15. The Renegades of Pern
16. Masterharper of Pern
17. All the Weirs of Pern
18. Dolphins of Pern
19. Skies of Pern

Either way, enjoy the reading! Expect reviews of these over the next weeks.

Posted in Books & Reading | 20 Comments

Shelf Shot 5

Something different, this time, part of a shelf of reference books. Some Star Trek stuff, the rest mystery related.

There are more, to be included in future Shelf Shot posts.

Posted in Books & Reading | 16 Comments

FFB: Safe Secret by Harry Carmichael

Safe Secret by Harry Carmichael, Macmillan Company 1964, hardcover mystery, “A Cock Robin Mystery” Carmichael was the primary pseudonym of Leopold Ognall. He also wrote as Hartley Howard, mostly about PI Glenn Bowman. (thanks, Jeff)

The blurb:
“No matter how often men are warned not to mix big money and beautiful women, they don’t seem to remember the warnings very long. Richard Thornton remembered for about forty years, and then–as his employer, his wife, and his associates ruefully learned–Richard apparently forgot, to the tune of £35,000 of his employer’s cash.

Insurance investigator Piper, his reporter friend Quinn and Detective-Inspector Hoyle must find out where Thornton, and the money have gone.”

My Take
This is a fairly traditional British mystery, with a few plot twists and more than one deadly encounter. This is the first one I’ve read by this author, having chosen it after a review I read somewhere or other. A nice switch from the science fiction and fantasy on which I’ve been focused.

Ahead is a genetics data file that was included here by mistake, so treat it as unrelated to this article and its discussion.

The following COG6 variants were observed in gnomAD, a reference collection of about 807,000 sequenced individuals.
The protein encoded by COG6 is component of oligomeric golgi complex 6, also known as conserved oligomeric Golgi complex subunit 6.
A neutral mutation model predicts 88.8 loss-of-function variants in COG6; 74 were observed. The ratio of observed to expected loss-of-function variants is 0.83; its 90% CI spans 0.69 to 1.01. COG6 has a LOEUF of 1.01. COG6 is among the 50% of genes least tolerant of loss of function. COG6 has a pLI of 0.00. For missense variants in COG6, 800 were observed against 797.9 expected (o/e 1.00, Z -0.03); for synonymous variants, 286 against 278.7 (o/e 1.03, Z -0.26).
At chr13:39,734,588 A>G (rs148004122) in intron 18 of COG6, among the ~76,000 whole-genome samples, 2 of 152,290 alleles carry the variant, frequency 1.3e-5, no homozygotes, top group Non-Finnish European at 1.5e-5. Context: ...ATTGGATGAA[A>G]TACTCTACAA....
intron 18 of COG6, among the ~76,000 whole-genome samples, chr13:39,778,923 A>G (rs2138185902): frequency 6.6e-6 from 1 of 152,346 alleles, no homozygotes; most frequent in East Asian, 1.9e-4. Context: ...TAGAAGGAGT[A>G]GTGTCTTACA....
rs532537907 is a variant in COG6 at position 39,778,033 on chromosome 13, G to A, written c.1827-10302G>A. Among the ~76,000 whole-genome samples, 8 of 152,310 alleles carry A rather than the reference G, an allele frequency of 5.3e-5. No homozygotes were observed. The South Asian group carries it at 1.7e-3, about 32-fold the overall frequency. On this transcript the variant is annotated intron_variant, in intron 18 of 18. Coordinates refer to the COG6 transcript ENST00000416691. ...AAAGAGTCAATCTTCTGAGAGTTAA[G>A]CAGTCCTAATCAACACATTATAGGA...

Posted in Books & Reading, Science Fiction | 7 Comments

Glazed Yogurt Lemon Loaf

We got this recipe from the LA Times via our local paper, and decided to try it. It’s delicious!

Read through the entire recipe before starting!

freshly glazed and ready to eat


  • 1 1/3 cups all-purpose flour
  • 2 teaspoons baking powder
  • 1/2 teaspoon kosher salt
  • 1 1/4 cups granulated sugar, divided
  • 2 lemons
  • 1/3 cup vegetable oil
  • 2 large eggs, room temperature
  • 1 cup full-fat plain Greek yogurt
  • 1 teaspoon vanilla extract


  1. Heat the oven to 350°.
  2. Lightly coat an 8 1/2 by 4 1/2 inch loaf pan with nonstick cooking spray. Line the bottom with parchment paper and spray again.
  3. Combine flour,  baking powder and salt in a medium bowl and whisk together. Set aside for next step.
  4. Place 1 cup sugar in a separate bowl. Zest both lemons directly over the sugar. Rub the zest by hand into the sugar to the texture of wet sand. Juice and strain the lemons into a separate bowl and reserve; you should have at least 6 tablespoons. Into the sugar/zest bowl, whisk in the oil, then the eggs, then the yogurt and 1 Tbl of the lemon juice, and 1/2 tsp of the vanilla extract. While whisking slowly, sprinkle in the flour mixture until the batter resembles pancake batter. Add half of the remaining flour and fold with a spatula just until incorporated and repeat with the remaining dry  ingredients.
  5. Pour the batter into the prepared pan and smooth the top. Bake until a wooden skewer inserted in the center comes out clean, about 55 minutes. Cool in the pan on a wire rack for 15 minutes.
  6. Meanwhile, combine the remaining 1/4 cup sugar with 4 Tbl (1/4 cup) of the reserved lemon juice in a small saucepan. Set over medium heat and bring to a boil, stirring to dissolve the sugar, then boil until the liquid is clear, about 1 minute. Remove pan from the heat and stir the remaining 1/2 teaspoon vanilla into the syrup.